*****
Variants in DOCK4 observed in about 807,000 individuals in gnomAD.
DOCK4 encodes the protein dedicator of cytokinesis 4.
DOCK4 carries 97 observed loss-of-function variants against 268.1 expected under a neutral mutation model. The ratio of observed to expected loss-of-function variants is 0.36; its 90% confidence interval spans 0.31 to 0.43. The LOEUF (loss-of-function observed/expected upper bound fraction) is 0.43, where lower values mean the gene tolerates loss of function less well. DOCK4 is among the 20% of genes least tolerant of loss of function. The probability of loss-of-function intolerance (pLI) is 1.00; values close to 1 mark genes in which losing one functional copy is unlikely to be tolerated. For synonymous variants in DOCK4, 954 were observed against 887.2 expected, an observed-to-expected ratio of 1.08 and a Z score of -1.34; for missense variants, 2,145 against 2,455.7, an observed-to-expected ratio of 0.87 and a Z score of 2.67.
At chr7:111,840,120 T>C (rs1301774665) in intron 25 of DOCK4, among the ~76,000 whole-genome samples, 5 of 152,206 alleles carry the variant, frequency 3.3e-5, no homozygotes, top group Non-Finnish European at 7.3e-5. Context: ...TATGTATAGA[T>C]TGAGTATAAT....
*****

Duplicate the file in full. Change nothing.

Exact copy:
Variants in DOCK4 observed in about 807,000 individuals in gnomAD.
DOCK4 encodes the protein dedicator of cytokinesis 4.
DOCK4 carries 97 observed loss-of-function variants against 268.1 expected under a neutral mutation model. The ratio of observed to expected loss-of-function variants is 0.36; its 90% confidence interval spans 0.31 to 0.43. The LOEUF (loss-of-function observed/expected upper bound fraction) is 0.43, where lower values mean the gene tolerates loss of function less well. DOCK4 is among the 20% of genes least tolerant of loss of function. The probability of loss-of-function intolerance (pLI) is 1.00; values close to 1 mark genes in which losing one functional copy is unlikely to be tolerated. For synonymous variants in DOCK4, 954 were observed against 887.2 expected, an observed-to-expected ratio of 1.08 and a Z score of -1.34; for missense variants, 2,145 against 2,455.7, an observed-to-expected ratio of 0.87 and a Z score of 2.67.
At chr7:111,840,120 T>C (rs1301774665) in intron 25 of DOCK4, among the ~76,000 whole-genome samples, 5 of 152,206 alleles carry the variant, frequency 3.3e-5, no homozygotes, top group Non-Finnish European at 7.3e-5. Context: ...TATGTATAGA[T>C]TGAGTATAAT....